The EPM test was performed according to the method described by Lister, with modifications (Lister, 1987). The standard plus maze consisted of two open arms (30×5 cm) and two closed arms with a wall (30×5×5 cm) connected to a central zone (5×5 cm) to form a cross. It was elevated to a height of 50 cm above the floor. A video camera was suspended above the maze to record the experiment. The maze floor and walls were constructed from opaque polyvinyl plastic, and the open arms had a low (0.5 cm) edge. The mouse was placed on the central zone facing an open arm. The maze floor was cleaned thoroughly between trials using 10% ethanol. The time spent in the open arm and number of open arm entries with four paws was recorded for a 5-min period using the video-based Ethovision 3.1 system. This test was performed under light (20 ± 5 lux) to encourage closed-arm entries. The parameters were calculated using the following formula: percentage of time spent in the open arm (%) = (time spent in the open arms/ sum of time spent in each arm)×100; percentage of open arm entries (%) = (number of entries in the open arms/total number of entries)×100.
All data are expressed as the mean ± SEM and were analyzed with Prism 5.0 software (Graphpad Software, Inc., San Diego, CA, USA). Statistical analysis was performed using one-way analysis of variance (ANOVA) followed by Newman- Keuls multiple comparison test in order to detect inter-group differences. A
Chlorogenic acid, the functional component of CWE, was analyzed by HPLC. HPLC analysis of the standard substances showed that the retention time of chlorogenic acid was 11.44 min (Fig. 1). The chlorogenic acid content in CWE was determined from the liner regression equation of the calibration graph and was found to be 0.035%.
The control group mice typically avoided spending time in the open arms because of the height above the floor and the light. Fig. 2 shows that acute treatment with CWE (500 mg/kg, p.o.) markedly increased the time spent in the open arms compared with the vehicle group (F(3,21)=3.268,
As shown in Fig. 3, the administration of 500 mg/kg CWE significantly increased the time mice spent in the open arms compared with the vehicle group (p<0.05). This effect of CWE was blocked by pretreatment with the GABAA receptor antagonist, bicuculline, at 0.3 mg/kg and 1 mg/kg (F(3,41)=4.051,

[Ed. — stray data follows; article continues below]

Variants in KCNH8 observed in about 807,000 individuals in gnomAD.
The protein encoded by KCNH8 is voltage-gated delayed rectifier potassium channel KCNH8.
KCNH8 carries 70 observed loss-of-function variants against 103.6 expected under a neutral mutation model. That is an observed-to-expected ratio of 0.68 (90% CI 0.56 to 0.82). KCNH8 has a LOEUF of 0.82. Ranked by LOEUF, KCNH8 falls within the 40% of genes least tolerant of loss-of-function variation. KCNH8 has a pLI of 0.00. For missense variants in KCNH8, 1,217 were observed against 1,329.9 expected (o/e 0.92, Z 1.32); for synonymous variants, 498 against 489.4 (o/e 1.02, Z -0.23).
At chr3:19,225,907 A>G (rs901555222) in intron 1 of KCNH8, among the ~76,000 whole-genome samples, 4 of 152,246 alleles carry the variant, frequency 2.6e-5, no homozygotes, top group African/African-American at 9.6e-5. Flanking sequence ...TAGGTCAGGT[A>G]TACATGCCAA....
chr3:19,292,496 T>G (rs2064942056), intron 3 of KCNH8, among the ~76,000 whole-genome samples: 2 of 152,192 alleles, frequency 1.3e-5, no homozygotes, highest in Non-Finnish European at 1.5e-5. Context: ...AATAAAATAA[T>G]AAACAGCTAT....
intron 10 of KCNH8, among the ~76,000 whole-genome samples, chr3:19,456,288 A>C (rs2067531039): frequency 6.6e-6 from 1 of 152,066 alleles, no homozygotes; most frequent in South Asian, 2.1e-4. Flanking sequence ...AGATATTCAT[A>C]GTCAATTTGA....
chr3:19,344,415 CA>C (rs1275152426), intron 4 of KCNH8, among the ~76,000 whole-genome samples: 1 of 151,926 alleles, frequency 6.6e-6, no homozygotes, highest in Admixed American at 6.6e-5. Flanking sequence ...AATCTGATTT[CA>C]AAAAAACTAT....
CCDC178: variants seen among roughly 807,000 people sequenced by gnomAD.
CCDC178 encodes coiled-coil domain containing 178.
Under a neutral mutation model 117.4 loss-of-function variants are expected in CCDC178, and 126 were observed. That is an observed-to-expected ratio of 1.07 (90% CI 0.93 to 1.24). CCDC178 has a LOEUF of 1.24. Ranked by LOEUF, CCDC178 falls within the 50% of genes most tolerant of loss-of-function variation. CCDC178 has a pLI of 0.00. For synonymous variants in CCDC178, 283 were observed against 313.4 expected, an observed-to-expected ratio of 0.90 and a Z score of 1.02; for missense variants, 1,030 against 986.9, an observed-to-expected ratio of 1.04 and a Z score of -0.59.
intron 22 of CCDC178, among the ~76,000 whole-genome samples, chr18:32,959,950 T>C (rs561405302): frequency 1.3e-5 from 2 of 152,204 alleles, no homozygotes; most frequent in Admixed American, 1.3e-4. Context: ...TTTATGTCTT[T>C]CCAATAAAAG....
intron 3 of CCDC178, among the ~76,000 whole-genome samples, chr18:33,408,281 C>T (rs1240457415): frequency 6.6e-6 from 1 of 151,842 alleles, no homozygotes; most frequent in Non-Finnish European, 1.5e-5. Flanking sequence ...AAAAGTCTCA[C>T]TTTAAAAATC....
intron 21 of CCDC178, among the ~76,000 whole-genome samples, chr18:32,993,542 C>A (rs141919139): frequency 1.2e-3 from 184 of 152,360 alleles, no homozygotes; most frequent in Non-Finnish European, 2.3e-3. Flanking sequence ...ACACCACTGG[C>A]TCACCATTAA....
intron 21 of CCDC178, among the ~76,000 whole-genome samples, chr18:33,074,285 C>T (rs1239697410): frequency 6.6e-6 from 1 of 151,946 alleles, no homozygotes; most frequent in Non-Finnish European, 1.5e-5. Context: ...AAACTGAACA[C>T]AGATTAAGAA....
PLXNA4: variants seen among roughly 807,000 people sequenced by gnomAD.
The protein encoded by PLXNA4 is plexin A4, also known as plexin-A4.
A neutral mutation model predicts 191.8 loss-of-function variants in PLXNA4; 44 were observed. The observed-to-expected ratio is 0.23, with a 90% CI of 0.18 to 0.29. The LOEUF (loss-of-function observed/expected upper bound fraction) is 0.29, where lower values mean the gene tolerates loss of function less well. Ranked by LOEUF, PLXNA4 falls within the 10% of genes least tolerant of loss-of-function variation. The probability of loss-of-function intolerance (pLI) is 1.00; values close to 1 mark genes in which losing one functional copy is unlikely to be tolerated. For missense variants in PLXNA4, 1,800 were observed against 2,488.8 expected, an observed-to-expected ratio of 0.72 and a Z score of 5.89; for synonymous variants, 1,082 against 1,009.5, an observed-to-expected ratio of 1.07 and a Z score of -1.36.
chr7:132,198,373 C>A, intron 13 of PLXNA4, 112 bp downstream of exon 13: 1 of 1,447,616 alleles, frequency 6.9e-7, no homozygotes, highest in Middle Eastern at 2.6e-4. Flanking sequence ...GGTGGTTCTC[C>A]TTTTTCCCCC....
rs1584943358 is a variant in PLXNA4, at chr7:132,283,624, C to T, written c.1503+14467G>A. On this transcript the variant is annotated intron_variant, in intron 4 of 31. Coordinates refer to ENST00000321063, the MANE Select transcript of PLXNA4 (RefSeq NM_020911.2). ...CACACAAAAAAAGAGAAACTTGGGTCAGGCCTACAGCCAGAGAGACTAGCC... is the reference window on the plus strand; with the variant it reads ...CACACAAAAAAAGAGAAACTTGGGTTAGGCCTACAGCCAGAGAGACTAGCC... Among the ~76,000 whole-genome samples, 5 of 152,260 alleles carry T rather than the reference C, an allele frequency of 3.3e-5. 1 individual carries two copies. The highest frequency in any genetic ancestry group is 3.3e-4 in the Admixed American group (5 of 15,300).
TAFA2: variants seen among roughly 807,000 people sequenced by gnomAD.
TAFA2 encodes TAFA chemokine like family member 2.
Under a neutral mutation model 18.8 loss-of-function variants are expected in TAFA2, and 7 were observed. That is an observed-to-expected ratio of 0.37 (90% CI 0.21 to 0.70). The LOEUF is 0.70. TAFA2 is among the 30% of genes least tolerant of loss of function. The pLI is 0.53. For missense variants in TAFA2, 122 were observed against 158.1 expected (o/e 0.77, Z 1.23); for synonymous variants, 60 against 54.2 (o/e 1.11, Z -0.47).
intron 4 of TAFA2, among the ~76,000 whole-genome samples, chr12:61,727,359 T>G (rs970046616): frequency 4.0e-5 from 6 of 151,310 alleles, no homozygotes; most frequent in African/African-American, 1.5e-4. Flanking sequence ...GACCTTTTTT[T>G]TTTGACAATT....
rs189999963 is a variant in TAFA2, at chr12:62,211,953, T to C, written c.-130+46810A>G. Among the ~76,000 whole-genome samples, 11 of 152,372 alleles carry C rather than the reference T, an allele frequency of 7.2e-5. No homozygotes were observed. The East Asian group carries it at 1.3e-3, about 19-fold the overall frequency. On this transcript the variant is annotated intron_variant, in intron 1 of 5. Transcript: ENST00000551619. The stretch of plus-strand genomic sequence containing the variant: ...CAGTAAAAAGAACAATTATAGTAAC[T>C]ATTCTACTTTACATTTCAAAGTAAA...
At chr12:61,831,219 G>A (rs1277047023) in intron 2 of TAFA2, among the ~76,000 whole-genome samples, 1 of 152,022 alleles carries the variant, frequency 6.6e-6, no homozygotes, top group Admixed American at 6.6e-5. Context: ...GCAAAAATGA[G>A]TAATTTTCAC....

The mice treated with CWE (500 mg/kg) were concurrently administered WAY 100635, a 5-HT1A receptor antagonist, in order to determine if the anxiolytic effects of CWE may involve the serotonergic neurotransmitter system, particularly the 5-HT1A receptors. As shown in Fig. 4, CWE (500 mg/kg) significantly increased the time spent in the open arms (F(3,40)=4.148,
The findings presented here support the idea that CWE has an anxiolytic-like effect through the GABAergic and se-
rotonergic systems. To investigate the anxiolytic-like effects of CWE in mice and to elucidate possible mechanisms, we used the EPM test with a GABAA receptor antagonist and a 5-HT1A receptor antagonist. In our study, CWE-administered mice showed a dose-dependent increase in the time spent in the open arm of the maze, an effect that was markedly blocked by a GABAA receptor antagonist and by a 5-HT1A receptor antagonist.
Anxiety models are grouped into two types involving either conditioned (potentiated startle) or unconditioned (social interaction and light/dark exploration tests) anxiety, and the EPM test is an excellent way to study unconditioned and spontaneous behavior (Rodgers and Dalvi, 1997). The EPM test, which may be the most popular model for measuring anxiety in animals, is based on the strong conflict between rodents’ proclivity toward dark, enclosed alleys (approach) and an unconditioned fear of brightly lit areas, heights or open spaces (avoidance) (Walf and Frye, 2007). In the EPM test of mice treated with CWE alone, CWE increased the time spent in the open arms in a dose-dependent manner. This finding suggests that CWE may alleviate unconditioned anxiety.
The GABAA receptor is known to be a mediator of unconditioned anxiety. GABAA receptors contain several subunits (α1-6, β1-3, γ1-3, δ, ε, π, ρ1-3, θ) encoded by 19 different genes (Luscher
The 5-HT1A receptor is also known as a modulator of unconditioned anxiety. Several studies have reported that 5-HT1A receptor antagonists have an anxiolytic effect in anxiety models (Rodgers and Cole, 1994; Griebel
However, the specific substance that causes the anxiolyticlike effects of CWE has not yet been identified. For this reason, we investigated the contents of CWE using quantitative HPLC analysis with chlorogenic acid as a standard compound. We found that CWE contains 0.035% chlorogenic acid, a functional ingredient. Several studies reported that chlorogenic acid has anticarcinogenic activity and anti-oxidative activity (Tanaka
In summary, our findings show that a single treatment with CWE confers anxiolytic effects in the mouse EPM test. These effects are blocked by both bicuculline and WAY 100635. Taken together, our results suggest that CWE has anxiolyticlike effects mediated by regulation of the GABAA and 5-HT1A receptors.